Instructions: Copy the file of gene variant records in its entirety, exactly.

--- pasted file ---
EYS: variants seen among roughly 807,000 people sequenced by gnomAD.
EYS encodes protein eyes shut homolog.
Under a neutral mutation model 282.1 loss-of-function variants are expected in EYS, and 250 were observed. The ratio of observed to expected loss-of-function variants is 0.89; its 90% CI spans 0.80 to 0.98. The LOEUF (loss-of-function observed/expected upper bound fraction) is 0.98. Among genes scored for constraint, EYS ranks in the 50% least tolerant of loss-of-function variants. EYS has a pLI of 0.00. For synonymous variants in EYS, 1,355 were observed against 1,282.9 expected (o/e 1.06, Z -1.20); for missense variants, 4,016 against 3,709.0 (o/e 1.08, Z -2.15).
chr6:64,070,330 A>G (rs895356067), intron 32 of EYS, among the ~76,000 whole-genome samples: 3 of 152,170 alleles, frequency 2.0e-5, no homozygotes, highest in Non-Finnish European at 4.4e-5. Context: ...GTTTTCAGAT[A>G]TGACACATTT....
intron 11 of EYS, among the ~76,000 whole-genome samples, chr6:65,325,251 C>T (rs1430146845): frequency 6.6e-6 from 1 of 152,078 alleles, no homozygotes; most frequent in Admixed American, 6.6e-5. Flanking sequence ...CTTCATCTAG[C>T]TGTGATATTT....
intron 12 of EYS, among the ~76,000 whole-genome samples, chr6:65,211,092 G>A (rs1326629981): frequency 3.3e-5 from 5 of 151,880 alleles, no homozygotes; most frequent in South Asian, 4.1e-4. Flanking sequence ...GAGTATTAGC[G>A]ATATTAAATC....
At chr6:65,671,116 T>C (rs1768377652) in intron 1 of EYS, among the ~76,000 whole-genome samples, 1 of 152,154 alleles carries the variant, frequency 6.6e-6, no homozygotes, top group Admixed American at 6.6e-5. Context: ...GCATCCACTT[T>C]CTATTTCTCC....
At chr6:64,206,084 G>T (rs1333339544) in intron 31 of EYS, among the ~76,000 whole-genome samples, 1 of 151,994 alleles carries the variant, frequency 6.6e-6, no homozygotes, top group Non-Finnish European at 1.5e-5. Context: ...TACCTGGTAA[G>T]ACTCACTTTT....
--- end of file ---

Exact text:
EYS: variants seen among roughly 807,000 people sequenced by gnomAD.
EYS encodes protein eyes shut homolog.
Under a neutral mutation model 282.1 loss-of-function variants are expected in EYS, and 250 were observed. The ratio of observed to expected loss-of-function variants is 0.89; its 90% CI spans 0.80 to 0.98. The LOEUF (loss-of-function observed/expected upper bound fraction) is 0.98. Among genes scored for constraint, EYS ranks in the 50% least tolerant of loss-of-function variants. EYS has a pLI of 0.00. For synonymous variants in EYS, 1,355 were observed against 1,282.9 expected (o/e 1.06, Z -1.20); for missense variants, 4,016 against 3,709.0 (o/e 1.08, Z -2.15).
chr6:64,070,330 A>G (rs895356067), intron 32 of EYS, among the ~76,000 whole-genome samples: 3 of 152,170 alleles, frequency 2.0e-5, no homozygotes, highest in Non-Finnish European at 4.4e-5. Context: ...GTTTTCAGAT[A>G]TGACACATTT....
intron 11 of EYS, among the ~76,000 whole-genome samples, chr6:65,325,251 C>T (rs1430146845): frequency 6.6e-6 from 1 of 152,078 alleles, no homozygotes; most frequent in Admixed American, 6.6e-5. Flanking sequence ...CTTCATCTAG[C>T]TGTGATATTT....
intron 12 of EYS, among the ~76,000 whole-genome samples, chr6:65,211,092 G>A (rs1326629981): frequency 3.3e-5 from 5 of 151,880 alleles, no homozygotes; most frequent in South Asian, 4.1e-4. Flanking sequence ...GAGTATTAGC[G>A]ATATTAAATC....
At chr6:65,671,116 T>C (rs1768377652) in intron 1 of EYS, among the ~76,000 whole-genome samples, 1 of 152,154 alleles carries the variant, frequency 6.6e-6, no homozygotes, top group Admixed American at 6.6e-5. Context: ...GCATCCACTT[T>C]CTATTTCTCC....
At chr6:64,206,084 G>T (rs1333339544) in intron 31 of EYS, among the ~76,000 whole-genome samples, 1 of 151,994 alleles carries the variant, frequency 6.6e-6, no homozygotes, top group Non-Finnish European at 1.5e-5. Context: ...TACCTGGTAA[G>T]ACTCACTTTT....